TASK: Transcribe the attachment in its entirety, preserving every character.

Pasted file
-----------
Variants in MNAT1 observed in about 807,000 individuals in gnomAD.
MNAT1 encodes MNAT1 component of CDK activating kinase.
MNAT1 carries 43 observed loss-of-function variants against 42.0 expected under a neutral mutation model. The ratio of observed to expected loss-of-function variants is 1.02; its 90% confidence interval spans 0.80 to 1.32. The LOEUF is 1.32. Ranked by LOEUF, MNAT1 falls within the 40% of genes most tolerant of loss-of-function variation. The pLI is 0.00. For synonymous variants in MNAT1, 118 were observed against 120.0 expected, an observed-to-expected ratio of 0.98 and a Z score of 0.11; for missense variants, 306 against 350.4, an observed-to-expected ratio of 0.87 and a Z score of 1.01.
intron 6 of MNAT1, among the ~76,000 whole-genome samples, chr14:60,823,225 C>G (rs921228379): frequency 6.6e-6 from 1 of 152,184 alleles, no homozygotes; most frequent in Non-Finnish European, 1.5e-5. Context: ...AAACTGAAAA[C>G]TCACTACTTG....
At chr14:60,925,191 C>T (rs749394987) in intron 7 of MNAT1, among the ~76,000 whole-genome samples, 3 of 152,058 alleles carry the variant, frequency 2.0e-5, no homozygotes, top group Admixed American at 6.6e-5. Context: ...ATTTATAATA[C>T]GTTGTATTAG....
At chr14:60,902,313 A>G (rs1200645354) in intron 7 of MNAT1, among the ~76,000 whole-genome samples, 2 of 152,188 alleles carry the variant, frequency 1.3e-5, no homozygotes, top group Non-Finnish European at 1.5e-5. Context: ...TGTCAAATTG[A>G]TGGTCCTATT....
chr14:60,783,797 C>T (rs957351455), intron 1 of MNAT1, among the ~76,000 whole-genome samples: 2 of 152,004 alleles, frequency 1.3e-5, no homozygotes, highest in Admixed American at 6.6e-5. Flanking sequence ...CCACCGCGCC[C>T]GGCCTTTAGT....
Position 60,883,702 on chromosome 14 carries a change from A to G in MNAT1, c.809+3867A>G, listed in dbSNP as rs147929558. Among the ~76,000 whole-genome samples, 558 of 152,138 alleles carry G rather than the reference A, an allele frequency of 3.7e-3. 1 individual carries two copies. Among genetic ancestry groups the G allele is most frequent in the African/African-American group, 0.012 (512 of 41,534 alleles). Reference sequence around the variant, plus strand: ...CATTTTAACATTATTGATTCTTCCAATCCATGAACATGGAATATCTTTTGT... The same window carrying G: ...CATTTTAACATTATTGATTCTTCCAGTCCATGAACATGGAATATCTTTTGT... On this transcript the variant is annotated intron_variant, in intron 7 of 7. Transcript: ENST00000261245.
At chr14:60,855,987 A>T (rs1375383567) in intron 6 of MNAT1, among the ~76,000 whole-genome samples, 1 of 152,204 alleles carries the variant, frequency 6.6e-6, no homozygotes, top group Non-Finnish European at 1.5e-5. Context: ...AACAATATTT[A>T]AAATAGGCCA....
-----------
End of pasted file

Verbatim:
Variants in MNAT1 observed in about 807,000 individuals in gnomAD.
MNAT1 encodes MNAT1 component of CDK activating kinase.
MNAT1 carries 43 observed loss-of-function variants against 42.0 expected under a neutral mutation model. The ratio of observed to expected loss-of-function variants is 1.02; its 90% confidence interval spans 0.80 to 1.32. The LOEUF is 1.32. Ranked by LOEUF, MNAT1 falls within the 40% of genes most tolerant of loss-of-function variation. The pLI is 0.00. For synonymous variants in MNAT1, 118 were observed against 120.0 expected, an observed-to-expected ratio of 0.98 and a Z score of 0.11; for missense variants, 306 against 350.4, an observed-to-expected ratio of 0.87 and a Z score of 1.01.
intron 6 of MNAT1, among the ~76,000 whole-genome samples, chr14:60,823,225 C>G (rs921228379): frequency 6.6e-6 from 1 of 152,184 alleles, no homozygotes; most frequent in Non-Finnish European, 1.5e-5. Context: ...AAACTGAAAA[C>G]TCACTACTTG....
At chr14:60,925,191 C>T (rs749394987) in intron 7 of MNAT1, among the ~76,000 whole-genome samples, 3 of 152,058 alleles carry the variant, frequency 2.0e-5, no homozygotes, top group Admixed American at 6.6e-5. Context: ...ATTTATAATA[C>T]GTTGTATTAG....
At chr14:60,902,313 A>G (rs1200645354) in intron 7 of MNAT1, among the ~76,000 whole-genome samples, 2 of 152,188 alleles carry the variant, frequency 1.3e-5, no homozygotes, top group Non-Finnish European at 1.5e-5. Context: ...TGTCAAATTG[A>G]TGGTCCTATT....
chr14:60,783,797 C>T (rs957351455), intron 1 of MNAT1, among the ~76,000 whole-genome samples: 2 of 152,004 alleles, frequency 1.3e-5, no homozygotes, highest in Admixed American at 6.6e-5. Flanking sequence ...CCACCGCGCC[C>T]GGCCTTTAGT....
Position 60,883,702 on chromosome 14 carries a change from A to G in MNAT1, c.809+3867A>G, listed in dbSNP as rs147929558. Among the ~76,000 whole-genome samples, 558 of 152,138 alleles carry G rather than the reference A, an allele frequency of 3.7e-3. 1 individual carries two copies. Among genetic ancestry groups the G allele is most frequent in the African/African-American group, 0.012 (512 of 41,534 alleles). Reference sequence around the variant, plus strand: ...CATTTTAACATTATTGATTCTTCCAATCCATGAACATGGAATATCTTTTGT... The same window carrying G: ...CATTTTAACATTATTGATTCTTCCAGTCCATGAACATGGAATATCTTTTGT... On this transcript the variant is annotated intron_variant, in intron 7 of 7. Transcript: ENST00000261245.
At chr14:60,855,987 A>T (rs1375383567) in intron 6 of MNAT1, among the ~76,000 whole-genome samples, 1 of 152,204 alleles carries the variant, frequency 6.6e-6, no homozygotes, top group Non-Finnish European at 1.5e-5. Context: ...AACAATATTT[A>T]AAATAGGCCA....